House Health chair: Legislators missed chance to ask questions after death in state facility whirlpool

Delegate Amy Summers, chairwoman of the House Health Committee, says legislators would have benefited from hearing testimony about West Virginia health care facilities, in particular about the horrifying death of a resident at a long-term care facility.

Amy Summers

However, Summers said in an opinion piece distributed to West Virginia news outlets, a legislative oversight meeting was canceled and lawmakers could not hear from Michael Caruso, secretary for the Department of Health Care Facilities, or John Pritt, a representative for Hopemont Hospital.

“When Legislative Oversight Commission on Health and Human Resources Accountability (LOCCHRA) members were told the scheduled speakers for our April 16 meeting would not be available to discuss critical issues and long-term planning for our state-owned health facilities, I reached out to Secretary Caruso without success,” wrote Summers, R-Taylor.

She wanted to hear more about capital improvement needs at state-run facilities. That’s a timely question because human services allocations could be at the center of a special legislative session being considered for late next month.

“We have practically begged the newly separated departments of health to show and tell us where additional funds are necessary, and this most recent opportunity to do so was wasted,” Summers wrote.

Fixes for state-run facilities are also a focal point after an elderly, nonverbal man died after being placed in a hot whirlpool at Hopemont. The state Department of Health Facilities reported in early January that the resident suffered burns related to unsafe water temperatures resulting from the failure of a water tank.

Learning more about conditions at state-run facilities and considering how to help fix them is a key part of legislative responsibility, Summers wrote.

“How can the West Virginia Legislature comprehend the state’s most dire problems, let alone look for the solutions to them, without information?” she wrote.

“How do I know if the $90,000 increase in the budget line item for maintenance and repairs to Hopemont is enough to solve a problem that led to a patient burned so badly it resulted in his death? I refuse to accept this type of care as the care a West Virginia-owned facility, or any facility, provides!”

She continued, “Tears come to my eyes when I think of the pain a nonverbal, elderly man suffering from dementia must have endured sitting in scalding water for over 45 minutes. If we are expected to allocate and adjust state funds during a May special session, we should be clear about where those funds are desperately needed well before we gavel in.”

Summers wrote that she has asked legislative staff to coordinate on-site visits to all health facilities owned by the state, starting with Hopemont.

Roger Hanshaw

House Speaker Roger Hanshaw, speaking on MetroNews’ “Talkline” also described the desire for an on-site visit by lawmakers to Hopemont. Hanshaw said he wasn’t certain why the oversight committee meeting that had been scheduled for earlier this week was canceled.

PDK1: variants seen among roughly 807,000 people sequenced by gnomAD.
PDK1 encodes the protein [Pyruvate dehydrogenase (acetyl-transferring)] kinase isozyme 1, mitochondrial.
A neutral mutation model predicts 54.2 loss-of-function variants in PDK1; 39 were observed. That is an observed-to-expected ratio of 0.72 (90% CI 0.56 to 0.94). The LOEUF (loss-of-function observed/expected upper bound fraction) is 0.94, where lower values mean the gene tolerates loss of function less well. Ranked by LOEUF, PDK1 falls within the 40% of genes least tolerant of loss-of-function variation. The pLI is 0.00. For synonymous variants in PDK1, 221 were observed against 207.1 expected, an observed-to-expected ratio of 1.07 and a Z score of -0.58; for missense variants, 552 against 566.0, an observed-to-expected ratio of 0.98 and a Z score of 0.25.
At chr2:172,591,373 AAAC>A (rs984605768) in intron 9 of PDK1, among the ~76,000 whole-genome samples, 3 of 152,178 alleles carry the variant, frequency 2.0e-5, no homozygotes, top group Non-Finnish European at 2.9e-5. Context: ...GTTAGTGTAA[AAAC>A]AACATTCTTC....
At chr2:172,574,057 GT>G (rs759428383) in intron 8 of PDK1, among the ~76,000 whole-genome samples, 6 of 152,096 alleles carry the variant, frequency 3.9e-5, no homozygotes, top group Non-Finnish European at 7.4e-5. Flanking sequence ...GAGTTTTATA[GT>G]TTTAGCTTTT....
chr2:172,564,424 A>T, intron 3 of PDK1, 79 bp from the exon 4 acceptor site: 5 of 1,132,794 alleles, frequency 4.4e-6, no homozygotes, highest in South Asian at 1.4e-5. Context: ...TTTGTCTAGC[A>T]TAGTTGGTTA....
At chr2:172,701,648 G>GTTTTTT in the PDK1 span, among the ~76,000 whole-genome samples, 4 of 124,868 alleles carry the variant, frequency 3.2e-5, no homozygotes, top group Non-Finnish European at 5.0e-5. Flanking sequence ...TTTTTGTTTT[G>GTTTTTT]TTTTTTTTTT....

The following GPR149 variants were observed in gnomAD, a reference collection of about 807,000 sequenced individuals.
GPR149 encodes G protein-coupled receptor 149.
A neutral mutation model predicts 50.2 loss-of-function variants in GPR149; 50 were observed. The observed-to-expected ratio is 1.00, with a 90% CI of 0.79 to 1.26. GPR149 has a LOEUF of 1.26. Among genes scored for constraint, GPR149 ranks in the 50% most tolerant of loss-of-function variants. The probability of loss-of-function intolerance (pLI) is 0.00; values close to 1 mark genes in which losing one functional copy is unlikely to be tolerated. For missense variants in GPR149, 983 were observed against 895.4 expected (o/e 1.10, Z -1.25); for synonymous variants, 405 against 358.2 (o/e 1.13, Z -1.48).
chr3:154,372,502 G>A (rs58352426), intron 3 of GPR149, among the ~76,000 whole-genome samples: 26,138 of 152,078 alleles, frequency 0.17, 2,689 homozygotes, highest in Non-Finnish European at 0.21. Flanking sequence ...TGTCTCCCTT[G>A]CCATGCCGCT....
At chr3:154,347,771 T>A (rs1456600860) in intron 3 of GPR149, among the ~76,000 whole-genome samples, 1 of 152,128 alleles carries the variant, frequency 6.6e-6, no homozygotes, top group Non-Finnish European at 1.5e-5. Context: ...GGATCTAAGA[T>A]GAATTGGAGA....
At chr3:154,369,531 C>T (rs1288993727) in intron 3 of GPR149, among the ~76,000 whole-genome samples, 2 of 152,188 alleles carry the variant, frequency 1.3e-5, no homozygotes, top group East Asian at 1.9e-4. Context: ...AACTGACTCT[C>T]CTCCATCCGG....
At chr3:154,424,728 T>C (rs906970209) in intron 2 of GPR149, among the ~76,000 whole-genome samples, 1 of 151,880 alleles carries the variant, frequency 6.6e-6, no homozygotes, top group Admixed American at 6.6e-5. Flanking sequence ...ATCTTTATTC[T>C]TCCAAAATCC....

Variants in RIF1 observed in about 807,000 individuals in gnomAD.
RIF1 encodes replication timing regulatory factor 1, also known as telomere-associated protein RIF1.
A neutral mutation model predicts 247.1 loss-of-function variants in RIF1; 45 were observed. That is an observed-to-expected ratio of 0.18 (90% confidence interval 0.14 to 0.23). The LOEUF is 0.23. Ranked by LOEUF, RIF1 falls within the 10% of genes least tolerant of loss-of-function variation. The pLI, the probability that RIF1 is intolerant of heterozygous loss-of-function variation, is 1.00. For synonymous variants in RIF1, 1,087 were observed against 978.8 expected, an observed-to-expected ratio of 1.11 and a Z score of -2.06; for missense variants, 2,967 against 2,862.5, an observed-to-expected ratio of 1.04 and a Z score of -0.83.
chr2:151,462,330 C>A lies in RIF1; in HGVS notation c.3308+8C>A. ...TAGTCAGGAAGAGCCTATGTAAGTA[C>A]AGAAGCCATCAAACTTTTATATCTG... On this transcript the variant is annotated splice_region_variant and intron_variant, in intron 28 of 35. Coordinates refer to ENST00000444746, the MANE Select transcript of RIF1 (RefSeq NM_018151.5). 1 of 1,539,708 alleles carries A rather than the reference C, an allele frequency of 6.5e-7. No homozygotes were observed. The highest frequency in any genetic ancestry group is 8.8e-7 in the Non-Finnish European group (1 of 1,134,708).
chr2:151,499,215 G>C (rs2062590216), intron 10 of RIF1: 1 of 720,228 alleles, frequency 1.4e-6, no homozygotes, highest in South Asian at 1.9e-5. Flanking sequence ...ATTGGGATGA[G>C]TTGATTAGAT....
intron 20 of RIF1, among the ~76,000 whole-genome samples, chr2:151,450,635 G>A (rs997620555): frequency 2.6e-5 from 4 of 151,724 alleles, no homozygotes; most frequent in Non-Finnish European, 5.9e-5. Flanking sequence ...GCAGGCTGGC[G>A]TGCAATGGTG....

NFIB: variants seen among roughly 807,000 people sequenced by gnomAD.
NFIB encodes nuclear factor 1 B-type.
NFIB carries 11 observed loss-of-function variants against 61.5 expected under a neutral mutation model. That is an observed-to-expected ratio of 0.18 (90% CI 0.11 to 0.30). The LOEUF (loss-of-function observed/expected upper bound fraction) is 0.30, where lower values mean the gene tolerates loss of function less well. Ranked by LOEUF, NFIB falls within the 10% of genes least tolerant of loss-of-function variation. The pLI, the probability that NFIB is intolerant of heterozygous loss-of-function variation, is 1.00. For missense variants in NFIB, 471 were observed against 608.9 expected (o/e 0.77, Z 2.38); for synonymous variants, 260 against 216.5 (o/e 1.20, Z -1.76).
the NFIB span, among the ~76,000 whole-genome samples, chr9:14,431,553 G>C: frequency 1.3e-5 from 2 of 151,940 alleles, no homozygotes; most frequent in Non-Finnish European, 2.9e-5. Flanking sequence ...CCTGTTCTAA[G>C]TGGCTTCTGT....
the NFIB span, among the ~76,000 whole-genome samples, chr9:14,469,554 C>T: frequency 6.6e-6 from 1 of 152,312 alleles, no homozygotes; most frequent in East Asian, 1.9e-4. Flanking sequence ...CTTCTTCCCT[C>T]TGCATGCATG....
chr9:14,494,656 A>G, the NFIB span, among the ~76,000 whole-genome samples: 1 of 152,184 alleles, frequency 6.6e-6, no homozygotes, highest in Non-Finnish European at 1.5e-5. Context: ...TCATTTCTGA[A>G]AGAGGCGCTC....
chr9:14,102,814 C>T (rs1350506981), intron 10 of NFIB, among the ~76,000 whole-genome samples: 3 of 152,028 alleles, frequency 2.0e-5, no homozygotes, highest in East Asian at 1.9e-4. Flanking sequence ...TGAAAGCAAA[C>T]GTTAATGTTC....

“To be clear, I don’t know. My understanding is that one or more of the presenters we had on our agenda for the meeting earlier this week, for whatever reason or another, couldn’t testify at the time that we had set up to schedule with them,” said Hanshaw, R-Clay. “So without presenters being available to attend the meeting, we just didn’t have the meeting.

“We’ve decided instead to exercise oversight responsibility by actually going out to the facility.”

Michael Folio

Michael Folio, legal director for Disability Rights West Virginia, had been one of the originally scheduled speakers for this week’s legislative oversight meeting.

Folio said state officials, including the Legislative Oversight Commission on Health and Human Resources Accountability, should focus on fixing substantive issues.

“If LOCHHRA is serious about getting to the bottom of the horrific avoidable death of the Hopemont resident, LOCHHRA should invite Sec. Caruso and me to appear before the commission and address under oath the criminal misconduct by state facility staffers, deficient patient care, and patient abuse and neglect,” Folio said after being asked about Summers’s public statements.

“If Sec. Caruso refuses to appear voluntarily, LOCHHRA should exercise its statutory powers and serve him with a subpoena to appear.”

Gov. Jim Justice

Gov. Jim Justice was asked during a news briefing this week about the cancellation by reporter Amelia Knisely of West Virginia Watch: “Can you discuss why this meeting was canceled, and was it any effort to hide these details from the public? And what do you think needs to be done to prevent future incidents like this at our state-run hospitals?”

The governor said he was miffed by the question.

“I could take big-time offense about your question because I’m not going to cover anything up. There’s no possible way. No way. The other thing is, I don’t control and cancel legislative meetings,” Justice said.

“The other thing is, just this: From the standpoint of what’s going on and we lost a life and everything, it’s surely under investigation. From the standpoint of the legalities, I can’t talk about that and everything. But no one on the planet is going to take things like this more seriously than me, and there’s no chance on the planet that we’re ever, ever under any circumstances going to cancel something, cover anything up.”

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